Skip to content

Toggle service links

You are here

  1. Home
  2. Study to examine whether research gives participants “a voice”

Study to examine whether research gives participants “a voice”

ThinkStockPhotos-57437044 Close up of a person's eye

An OU academic has received a research grant to investigate whether visual expression gives research participants a voice, particularly in the case of already marginalised groups.

Dr Daniel McCulloch, OU Lecturer in Criminology and Social Policy, has been awarded 61,533.90 from the Economic and Social Research Council National Centre for Research Methods to explore whether participatory visual methods (co-created visual forms of communication and expression) ‘give voice’ to participants in research projects.

Over the 18-month timescale of the project, Dr McCulloch will analyse researcher understandings of what it means to ‘give voice’ and whether it is a meaningful representation, particularly among marginalised groups.

Dr McCulloch will lead training and capacity building focused on what has been learned from evaluation of the method.

Increasing knowledge about participatory visual methods in this way will help us to understand how different groups understand ‘voice’ and whether they perceive methods such as participatory mapping to successfully ‘give voice’. Such knowledge is useful not only for researchers using these methods, but also for advocacy groups and practitioners, who may be interested in ensuring that they have evidenced assessments of whether ‘voice’ is provided through such methods.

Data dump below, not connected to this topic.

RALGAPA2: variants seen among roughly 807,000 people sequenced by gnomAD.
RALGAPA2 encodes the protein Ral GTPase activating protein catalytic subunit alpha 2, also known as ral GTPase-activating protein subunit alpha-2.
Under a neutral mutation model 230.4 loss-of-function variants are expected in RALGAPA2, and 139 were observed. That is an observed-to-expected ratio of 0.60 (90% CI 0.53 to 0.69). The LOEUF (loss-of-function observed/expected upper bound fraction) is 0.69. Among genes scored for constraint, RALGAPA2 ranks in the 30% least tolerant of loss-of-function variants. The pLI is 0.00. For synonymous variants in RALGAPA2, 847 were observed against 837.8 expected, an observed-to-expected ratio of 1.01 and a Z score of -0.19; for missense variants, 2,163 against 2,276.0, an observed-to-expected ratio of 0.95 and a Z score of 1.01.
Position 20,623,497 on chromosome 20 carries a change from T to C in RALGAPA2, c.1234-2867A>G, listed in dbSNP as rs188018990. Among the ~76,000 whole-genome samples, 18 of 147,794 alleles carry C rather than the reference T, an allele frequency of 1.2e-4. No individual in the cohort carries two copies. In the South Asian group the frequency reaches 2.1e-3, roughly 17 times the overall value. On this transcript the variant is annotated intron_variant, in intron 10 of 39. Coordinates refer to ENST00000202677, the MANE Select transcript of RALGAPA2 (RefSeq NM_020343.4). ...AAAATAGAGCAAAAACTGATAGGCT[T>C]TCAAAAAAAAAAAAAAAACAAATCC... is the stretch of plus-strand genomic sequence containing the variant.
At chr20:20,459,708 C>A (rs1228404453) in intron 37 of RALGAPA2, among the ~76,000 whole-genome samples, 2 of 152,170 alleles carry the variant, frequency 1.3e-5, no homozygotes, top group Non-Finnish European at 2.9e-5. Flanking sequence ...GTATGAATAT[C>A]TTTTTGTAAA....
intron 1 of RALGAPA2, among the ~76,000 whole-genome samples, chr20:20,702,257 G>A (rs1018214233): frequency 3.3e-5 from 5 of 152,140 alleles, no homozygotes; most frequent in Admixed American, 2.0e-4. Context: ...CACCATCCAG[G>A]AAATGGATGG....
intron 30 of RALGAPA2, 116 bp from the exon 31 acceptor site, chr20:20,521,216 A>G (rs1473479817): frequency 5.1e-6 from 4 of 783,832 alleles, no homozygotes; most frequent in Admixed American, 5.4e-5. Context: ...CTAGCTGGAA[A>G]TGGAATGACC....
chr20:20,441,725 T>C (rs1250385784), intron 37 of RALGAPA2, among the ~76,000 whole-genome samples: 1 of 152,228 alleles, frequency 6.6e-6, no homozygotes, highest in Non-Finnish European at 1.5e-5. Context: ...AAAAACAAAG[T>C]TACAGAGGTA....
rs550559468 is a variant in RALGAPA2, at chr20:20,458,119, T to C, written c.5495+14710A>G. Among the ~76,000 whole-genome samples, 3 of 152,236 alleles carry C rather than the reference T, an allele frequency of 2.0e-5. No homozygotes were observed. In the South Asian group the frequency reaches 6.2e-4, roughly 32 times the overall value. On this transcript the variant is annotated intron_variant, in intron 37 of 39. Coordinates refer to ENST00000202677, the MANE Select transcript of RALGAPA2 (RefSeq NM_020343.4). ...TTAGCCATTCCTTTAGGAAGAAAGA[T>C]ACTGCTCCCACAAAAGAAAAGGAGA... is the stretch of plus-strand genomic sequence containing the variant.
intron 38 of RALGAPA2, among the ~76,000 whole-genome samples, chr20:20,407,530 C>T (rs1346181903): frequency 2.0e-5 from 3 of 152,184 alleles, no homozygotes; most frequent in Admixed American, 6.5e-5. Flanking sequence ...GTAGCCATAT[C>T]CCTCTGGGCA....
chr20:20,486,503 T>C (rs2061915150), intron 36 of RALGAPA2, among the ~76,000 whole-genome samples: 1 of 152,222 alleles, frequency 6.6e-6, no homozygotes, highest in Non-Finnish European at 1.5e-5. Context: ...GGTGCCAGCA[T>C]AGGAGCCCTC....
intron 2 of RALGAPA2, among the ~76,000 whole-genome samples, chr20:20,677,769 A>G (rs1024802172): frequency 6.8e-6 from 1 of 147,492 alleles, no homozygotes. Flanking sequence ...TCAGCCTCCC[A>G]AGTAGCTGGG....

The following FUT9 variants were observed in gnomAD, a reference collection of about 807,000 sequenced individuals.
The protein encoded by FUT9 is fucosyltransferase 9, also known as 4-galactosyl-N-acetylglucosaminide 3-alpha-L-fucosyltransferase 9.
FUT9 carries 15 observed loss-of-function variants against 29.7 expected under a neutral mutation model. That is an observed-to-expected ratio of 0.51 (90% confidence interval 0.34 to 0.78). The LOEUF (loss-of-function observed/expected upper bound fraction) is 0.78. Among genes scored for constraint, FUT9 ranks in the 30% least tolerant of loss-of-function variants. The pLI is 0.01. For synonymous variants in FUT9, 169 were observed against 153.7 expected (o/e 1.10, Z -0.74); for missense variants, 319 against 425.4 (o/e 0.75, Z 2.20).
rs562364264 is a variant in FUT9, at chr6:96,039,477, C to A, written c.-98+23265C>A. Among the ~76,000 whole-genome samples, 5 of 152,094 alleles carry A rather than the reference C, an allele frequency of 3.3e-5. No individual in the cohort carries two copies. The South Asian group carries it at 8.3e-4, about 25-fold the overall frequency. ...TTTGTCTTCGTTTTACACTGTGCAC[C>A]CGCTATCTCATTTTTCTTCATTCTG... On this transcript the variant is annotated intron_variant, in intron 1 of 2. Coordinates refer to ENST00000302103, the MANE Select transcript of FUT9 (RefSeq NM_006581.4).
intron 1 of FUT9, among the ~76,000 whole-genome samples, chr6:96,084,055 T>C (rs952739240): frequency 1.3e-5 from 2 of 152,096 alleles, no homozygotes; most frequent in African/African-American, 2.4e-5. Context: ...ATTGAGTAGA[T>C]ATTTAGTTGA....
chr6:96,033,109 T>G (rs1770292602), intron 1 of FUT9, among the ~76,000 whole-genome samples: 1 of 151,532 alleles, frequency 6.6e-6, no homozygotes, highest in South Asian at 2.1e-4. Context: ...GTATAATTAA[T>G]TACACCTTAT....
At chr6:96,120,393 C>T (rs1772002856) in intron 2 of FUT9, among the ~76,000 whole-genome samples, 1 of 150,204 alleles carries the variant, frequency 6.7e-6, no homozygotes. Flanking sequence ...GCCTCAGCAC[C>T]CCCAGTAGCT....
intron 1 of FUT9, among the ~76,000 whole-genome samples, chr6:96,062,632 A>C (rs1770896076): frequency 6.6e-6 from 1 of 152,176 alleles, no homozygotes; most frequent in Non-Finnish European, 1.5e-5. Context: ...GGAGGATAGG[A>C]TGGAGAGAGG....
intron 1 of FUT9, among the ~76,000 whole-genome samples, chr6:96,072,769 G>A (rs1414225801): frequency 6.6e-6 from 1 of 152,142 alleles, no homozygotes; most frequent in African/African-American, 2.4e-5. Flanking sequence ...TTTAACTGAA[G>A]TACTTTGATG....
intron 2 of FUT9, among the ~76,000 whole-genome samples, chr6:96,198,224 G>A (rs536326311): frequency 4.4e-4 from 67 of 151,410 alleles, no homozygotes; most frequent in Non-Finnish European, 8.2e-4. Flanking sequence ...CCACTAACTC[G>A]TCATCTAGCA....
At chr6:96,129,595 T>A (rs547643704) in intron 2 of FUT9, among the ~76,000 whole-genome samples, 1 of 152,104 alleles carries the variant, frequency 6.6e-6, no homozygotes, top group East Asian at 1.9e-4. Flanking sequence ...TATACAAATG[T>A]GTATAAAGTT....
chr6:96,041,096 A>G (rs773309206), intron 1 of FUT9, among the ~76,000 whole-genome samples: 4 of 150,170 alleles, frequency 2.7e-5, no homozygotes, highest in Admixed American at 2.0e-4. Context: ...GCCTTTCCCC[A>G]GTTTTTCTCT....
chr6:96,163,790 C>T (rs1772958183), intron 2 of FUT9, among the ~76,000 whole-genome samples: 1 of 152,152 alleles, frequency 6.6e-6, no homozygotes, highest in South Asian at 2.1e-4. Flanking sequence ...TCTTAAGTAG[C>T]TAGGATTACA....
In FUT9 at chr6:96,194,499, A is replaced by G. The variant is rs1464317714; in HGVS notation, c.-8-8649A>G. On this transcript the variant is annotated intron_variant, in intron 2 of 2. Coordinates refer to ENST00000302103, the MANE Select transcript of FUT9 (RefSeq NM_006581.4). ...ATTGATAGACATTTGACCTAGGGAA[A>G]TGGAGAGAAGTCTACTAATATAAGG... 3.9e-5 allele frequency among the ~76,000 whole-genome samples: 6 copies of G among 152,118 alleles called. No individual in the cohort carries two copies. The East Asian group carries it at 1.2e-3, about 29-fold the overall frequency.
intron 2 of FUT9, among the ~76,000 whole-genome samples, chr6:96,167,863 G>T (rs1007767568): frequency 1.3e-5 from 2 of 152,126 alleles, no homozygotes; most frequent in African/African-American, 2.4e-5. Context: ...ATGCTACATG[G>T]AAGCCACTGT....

Dr Daniel McCulloch

Read more about Dr McCulloch’s OU research.
 

Contact our news team

For all out of hours enquiries, please telephone +44 (0)7901 515891

Contact details

News & articles

Man in a suit, wearing glasses and holding a document, coming out of a door

Mini budget 2022: experts react to the new UK government’s spending and tax-cut plans

UK chancellor Kwasi Kwarteng has just launched the biggest package of tax cuts in half a century. This will involve around £45bn of reductions for people and businesses by 2027 – 50% more than anticipated before the mini-budget announcement.

26th September 2022
See all